If you want to see what Discus can produce, take a look at our extensive library of sample reports.

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Why is it that some teams work smoothly and effectively together, while others break down into internal conflict and achieve little? There are, of course, many reasons for this, but one of the main contributing factors is the interaction of different styles within the team. DISC can provide a useful predictor of team effectiveness, by highlighting possible problem areas and suggesting ways of resolving these problems.

The ideal composition of any team is, of course, dependent on the task that the team is intended to fulfil. In general terms, however, it is true to say that the key to success in team-building is diversity. Each of the main DISC factors draws an individual to play a different part in the team structure, and a variety of factors across different team members can help to ensure that the team performs effectively.

The Suitability Comparison section of the Style Card chapter describes interactions between different styles in detail. Rather than reiterate this information, this section will look at the four DISC factors, and the parts they have to play in the development and performance of the team.

Dominance, being the factor of control, is particularly suited to a leadership role within a team. Dominant people have a natural urge to take command, and will fit easily into such a position. An important consideration with individuals of this type, however, is that the number of highly Dominant team-members should be kept to minimum. Several people attempting to take leadership within a team will clearly have a negative impact on team performance.
Influence is the social cement of the team. Unless they possess specialised skills, highly Influential people often appear to have little practical part to play in team's proceedings, and are hence often undervalued. It is important to remember, however, that for a team to work effectively, its members must have a sense of cohesion, and this cohesion can often be achieved by the inclusion of one or two Influential individuals within the team. The communicative abilities of Influence can also produce a useful representative or spokesperson for the team, presenting their findings and ideas to others.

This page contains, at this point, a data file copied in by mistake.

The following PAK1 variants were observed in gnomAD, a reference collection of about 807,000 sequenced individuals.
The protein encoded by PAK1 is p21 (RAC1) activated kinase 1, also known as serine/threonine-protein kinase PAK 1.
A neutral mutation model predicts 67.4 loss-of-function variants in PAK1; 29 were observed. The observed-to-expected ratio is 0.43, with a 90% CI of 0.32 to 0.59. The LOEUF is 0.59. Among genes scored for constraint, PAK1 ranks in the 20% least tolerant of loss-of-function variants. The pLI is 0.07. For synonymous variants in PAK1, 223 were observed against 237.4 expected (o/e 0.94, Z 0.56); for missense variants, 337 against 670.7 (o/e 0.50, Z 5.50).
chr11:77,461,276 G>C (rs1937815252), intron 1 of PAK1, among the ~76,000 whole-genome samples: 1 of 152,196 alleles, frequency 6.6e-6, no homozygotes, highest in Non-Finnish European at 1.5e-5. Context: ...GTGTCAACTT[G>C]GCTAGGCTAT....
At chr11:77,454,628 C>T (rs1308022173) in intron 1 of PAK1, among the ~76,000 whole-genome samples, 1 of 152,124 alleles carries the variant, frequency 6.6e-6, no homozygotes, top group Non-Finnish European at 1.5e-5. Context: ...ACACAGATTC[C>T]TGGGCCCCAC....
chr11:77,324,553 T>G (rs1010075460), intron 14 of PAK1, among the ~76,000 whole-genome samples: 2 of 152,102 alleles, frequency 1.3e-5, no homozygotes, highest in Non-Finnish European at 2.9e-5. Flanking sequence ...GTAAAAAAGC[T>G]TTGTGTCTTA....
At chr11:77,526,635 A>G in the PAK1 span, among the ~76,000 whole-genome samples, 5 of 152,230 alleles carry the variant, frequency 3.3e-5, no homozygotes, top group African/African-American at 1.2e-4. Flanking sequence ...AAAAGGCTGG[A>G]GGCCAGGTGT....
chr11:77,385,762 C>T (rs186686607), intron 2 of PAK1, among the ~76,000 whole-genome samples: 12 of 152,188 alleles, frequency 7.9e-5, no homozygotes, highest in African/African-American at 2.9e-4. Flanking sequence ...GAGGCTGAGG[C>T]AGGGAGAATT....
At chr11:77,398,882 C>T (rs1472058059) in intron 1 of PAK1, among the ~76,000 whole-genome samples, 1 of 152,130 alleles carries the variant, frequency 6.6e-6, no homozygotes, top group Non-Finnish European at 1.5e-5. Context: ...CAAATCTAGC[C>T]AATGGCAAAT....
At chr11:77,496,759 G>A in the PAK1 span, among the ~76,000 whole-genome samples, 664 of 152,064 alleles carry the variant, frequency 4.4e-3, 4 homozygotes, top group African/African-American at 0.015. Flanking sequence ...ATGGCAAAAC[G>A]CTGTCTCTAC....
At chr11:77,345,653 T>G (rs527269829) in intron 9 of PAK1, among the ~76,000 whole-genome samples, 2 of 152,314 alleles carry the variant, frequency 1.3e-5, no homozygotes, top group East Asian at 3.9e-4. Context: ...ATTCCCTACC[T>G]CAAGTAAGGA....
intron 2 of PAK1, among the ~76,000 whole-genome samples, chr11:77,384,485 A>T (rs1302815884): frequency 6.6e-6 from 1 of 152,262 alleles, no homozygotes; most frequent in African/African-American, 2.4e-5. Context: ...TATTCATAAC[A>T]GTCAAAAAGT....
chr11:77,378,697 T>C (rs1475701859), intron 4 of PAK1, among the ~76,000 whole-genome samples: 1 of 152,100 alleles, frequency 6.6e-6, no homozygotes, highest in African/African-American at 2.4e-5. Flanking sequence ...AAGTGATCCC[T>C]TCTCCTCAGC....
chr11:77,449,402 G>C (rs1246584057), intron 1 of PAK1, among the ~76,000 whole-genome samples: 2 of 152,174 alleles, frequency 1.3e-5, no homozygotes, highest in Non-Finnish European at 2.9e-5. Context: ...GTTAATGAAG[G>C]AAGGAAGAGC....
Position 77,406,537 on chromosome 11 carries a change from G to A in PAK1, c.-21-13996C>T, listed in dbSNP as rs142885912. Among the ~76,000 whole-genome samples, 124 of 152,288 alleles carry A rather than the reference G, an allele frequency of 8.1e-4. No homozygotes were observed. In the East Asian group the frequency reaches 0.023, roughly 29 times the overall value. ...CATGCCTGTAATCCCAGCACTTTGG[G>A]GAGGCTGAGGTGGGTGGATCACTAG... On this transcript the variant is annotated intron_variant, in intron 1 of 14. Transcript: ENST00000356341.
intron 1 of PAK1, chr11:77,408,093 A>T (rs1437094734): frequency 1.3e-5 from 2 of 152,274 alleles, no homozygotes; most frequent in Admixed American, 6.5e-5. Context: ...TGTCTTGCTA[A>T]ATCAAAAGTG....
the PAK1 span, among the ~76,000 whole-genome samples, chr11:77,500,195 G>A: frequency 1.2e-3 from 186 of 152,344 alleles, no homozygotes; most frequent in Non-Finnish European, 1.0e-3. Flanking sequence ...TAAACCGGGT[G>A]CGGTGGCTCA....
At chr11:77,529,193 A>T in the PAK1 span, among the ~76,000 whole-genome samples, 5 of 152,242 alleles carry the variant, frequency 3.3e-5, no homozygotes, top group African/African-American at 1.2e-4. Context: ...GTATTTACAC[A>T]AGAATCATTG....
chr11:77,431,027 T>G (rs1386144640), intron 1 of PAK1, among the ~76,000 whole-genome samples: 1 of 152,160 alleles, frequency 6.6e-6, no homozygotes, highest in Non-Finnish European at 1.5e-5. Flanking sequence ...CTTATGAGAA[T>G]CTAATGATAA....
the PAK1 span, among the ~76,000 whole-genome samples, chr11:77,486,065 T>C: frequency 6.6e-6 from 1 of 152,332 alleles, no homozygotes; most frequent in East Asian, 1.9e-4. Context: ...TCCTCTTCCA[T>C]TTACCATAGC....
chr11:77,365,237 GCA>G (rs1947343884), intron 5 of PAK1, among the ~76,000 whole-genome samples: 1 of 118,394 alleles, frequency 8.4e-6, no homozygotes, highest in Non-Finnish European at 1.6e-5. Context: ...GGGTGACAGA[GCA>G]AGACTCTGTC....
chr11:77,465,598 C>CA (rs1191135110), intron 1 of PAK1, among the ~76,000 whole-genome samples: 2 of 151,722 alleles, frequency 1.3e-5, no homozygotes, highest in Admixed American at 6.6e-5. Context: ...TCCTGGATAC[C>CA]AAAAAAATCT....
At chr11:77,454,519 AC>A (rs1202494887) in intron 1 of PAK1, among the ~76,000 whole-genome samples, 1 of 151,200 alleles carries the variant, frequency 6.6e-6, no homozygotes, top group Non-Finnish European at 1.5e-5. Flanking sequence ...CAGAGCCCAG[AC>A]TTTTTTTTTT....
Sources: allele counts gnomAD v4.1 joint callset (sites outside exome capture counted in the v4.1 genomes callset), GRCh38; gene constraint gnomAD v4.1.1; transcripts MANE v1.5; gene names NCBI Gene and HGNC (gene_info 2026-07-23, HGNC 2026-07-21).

Steadiness represents the team's 'brake', holding the other members back from ill-considered conclusions or precipitous actions. This is an important factor, especially after the team has formed its internal social relationships and has begun to perform its real function. A consideration to bear in mind with Steady individuals is their natural lack of assertiveness, which can often prevent them from making input unless directly requested, and it is often helpful to develop the structure of the team in such a way that the Steady members feel that their contributions will be valued and accepted by the other team members.
Compliance is a factor important in actually achieving the results required from the team. Those members with high Compliance scores will tend to be the ones who generate ideas and produce materials and reports. The less pro-active side of the Compliant type, however, will normally require more assertive team-members (specifically Dominant and Influential types) to implement and monitor any plans or suggestions they may produce. The Compliant members of the team are often those who possess the specialised skills and knowledge appropriate to a project.

For any team to be effective over the long term, regardless of its constitution, it must pass through an initial period of flux and uncertainty before it will begin to perform, during which relationships and roles within the group are formed. This formative period is an ideal time to introduce any formal structures considered necessary to the smooth running of the group.